• More transparent revenue streams

Agencies who adopt the output-based approach will benefit from a clearer understanding of how much income they are expecting to earn from each project and a better indication of how they can earn more of that income. This enables them to plan their business and sales activities with more precision and surety.

  • Value-based pricing

With a time-and-materials approach an agency’s business can only scale based on the number of hours they are able to sell each week. With an output-based approach, the customer value of each deliverable can be assessed and the service priced accordingly. For services which the customer obtains little value, such as sending an email, charges may only just cover the cost of delivery. However, for higher value services, such as core branding elements or strategies that will deliver long-term value, the charge may be substantially higher.

  • Greater innovation and efficiency

Agencies have to take ownership of the risk of delivering, but this is not necessarily a bad thing. In essence, agencies are in control of their deliverables and what they deliver. If they get it wrong, they would technically earn more money with the time-based system - however, this discourages innovation. On the contrary, output-based systems encourage agencies to find ways to deliver quality faster, with failed attempts come experience and lessons to do better next time. Only through embracing risk can you power innovation, and an output-based model is ideal for this.

  • Better talent

Skilled and experienced designers, copywriters, marketing managers and other team members can deliver faster and with more accuracy than those who are not as skilled or experienced. An output-based approach highlights and rewards those who deliver faster than those who take more time to get something right. This enables agencies to identify top-talent and pay more attention to those who need more guidance.

Pay for what you get

We’re still only mid-pandemic, but we’ve already seen a lot of change. For companies and the agencies, it’s clear that we can be productive away from the office. This has created a healthier, more trusting version of accountability that no matter where we are, or how long we take to accomplish something that we can deliver. It’s time to take this change to heart and move towards a better, more transparent and sustainable way of offering marketing services.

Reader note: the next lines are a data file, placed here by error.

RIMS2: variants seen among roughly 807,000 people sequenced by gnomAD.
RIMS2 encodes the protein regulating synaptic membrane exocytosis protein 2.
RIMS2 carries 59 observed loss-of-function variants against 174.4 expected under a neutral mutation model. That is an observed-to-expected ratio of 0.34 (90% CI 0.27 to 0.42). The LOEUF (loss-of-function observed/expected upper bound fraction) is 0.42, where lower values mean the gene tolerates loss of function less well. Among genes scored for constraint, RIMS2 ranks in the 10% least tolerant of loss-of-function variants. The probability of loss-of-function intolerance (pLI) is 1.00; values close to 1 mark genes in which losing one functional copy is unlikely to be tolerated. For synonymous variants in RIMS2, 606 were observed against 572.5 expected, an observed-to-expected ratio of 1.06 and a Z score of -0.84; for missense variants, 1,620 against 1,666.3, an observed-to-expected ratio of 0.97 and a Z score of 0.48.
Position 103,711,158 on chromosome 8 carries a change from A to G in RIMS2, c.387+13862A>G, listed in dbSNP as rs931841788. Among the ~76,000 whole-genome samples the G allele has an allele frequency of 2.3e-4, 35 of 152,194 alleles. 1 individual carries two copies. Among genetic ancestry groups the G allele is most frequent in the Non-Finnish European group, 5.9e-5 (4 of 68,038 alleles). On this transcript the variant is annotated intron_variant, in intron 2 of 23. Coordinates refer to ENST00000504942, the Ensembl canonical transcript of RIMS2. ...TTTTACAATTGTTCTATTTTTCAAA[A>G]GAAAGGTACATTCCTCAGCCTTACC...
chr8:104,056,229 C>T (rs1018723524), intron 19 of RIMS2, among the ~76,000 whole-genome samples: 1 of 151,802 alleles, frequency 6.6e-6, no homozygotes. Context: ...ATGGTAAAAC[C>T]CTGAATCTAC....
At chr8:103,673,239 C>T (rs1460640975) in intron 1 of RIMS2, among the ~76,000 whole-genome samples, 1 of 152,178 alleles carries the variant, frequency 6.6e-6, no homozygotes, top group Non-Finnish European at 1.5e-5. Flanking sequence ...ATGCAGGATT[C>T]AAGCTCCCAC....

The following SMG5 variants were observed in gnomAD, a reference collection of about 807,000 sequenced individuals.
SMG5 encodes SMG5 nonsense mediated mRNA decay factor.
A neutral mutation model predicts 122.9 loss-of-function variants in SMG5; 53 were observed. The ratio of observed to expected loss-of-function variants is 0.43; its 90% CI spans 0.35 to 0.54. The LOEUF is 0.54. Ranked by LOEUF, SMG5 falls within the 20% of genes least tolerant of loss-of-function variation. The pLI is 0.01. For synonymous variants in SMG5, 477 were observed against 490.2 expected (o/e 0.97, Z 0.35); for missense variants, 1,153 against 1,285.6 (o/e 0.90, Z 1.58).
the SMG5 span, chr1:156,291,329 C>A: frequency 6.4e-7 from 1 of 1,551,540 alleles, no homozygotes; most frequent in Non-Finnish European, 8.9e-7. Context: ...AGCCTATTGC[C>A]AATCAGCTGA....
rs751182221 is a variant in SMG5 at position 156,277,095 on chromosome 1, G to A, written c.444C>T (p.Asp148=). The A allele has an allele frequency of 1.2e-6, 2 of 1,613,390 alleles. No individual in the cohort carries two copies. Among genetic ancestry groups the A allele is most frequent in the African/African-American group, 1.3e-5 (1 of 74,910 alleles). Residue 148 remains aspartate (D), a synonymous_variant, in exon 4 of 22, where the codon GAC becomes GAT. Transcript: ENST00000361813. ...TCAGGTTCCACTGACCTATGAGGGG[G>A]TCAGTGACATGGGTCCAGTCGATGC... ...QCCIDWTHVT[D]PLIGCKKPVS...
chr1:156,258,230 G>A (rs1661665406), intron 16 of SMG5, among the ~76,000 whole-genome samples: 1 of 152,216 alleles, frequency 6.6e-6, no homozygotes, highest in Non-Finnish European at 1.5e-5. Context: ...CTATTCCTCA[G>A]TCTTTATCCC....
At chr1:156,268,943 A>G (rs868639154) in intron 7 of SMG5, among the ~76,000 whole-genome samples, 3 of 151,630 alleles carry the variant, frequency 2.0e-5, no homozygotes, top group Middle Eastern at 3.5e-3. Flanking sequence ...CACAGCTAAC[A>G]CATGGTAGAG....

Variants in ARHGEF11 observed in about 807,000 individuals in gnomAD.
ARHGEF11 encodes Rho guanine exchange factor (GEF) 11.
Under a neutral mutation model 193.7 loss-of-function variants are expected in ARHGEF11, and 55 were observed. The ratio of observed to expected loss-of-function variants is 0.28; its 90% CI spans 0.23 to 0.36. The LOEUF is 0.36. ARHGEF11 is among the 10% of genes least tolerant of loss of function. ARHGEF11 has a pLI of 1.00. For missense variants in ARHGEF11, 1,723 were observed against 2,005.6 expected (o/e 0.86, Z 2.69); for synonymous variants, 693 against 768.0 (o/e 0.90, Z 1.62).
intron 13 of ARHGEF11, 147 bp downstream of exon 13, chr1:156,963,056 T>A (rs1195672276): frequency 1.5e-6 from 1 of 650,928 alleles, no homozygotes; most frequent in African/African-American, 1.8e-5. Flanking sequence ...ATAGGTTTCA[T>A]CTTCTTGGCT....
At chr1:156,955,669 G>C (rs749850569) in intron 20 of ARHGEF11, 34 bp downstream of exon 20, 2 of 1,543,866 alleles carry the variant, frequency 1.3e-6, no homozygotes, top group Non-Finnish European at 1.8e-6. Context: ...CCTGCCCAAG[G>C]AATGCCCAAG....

We here at Demodia have already moved towards a credit-based system that accounts for the value and effort involved in delivering results - fast. As a world-class digital marketing consultancy, we believe this is the best, most honest approach for customers as well as agencies. 

Our belief is that transparency is essential when building a working relationship. For that reason we work with all our clients using a point-based pricing model. At this time, we believe that we are the only Swiss digital marketing agency taking this approach!

What is point-based pricing?

Point-based pricing is a value-based pricing model in which a standard unit is used to determine the cost of a deliverable or service.

In the case of Demodia, we call our points, Digital Marketing Credits.

The number of points, or credits, that each activity is allocated is based on the derived value rather than the number of hours needed to perform the task. Each marketing credit comes at a set value and then any services from our activity catalogue can be procured using credits.

With this approach, you can quickly see and understand how your budget translates into campaign related activities, and if your plans change mid-way through a project it’s quick and easy to redirect the remaining credits.

Take a look at our credit-based pricing plans or contact us for more information.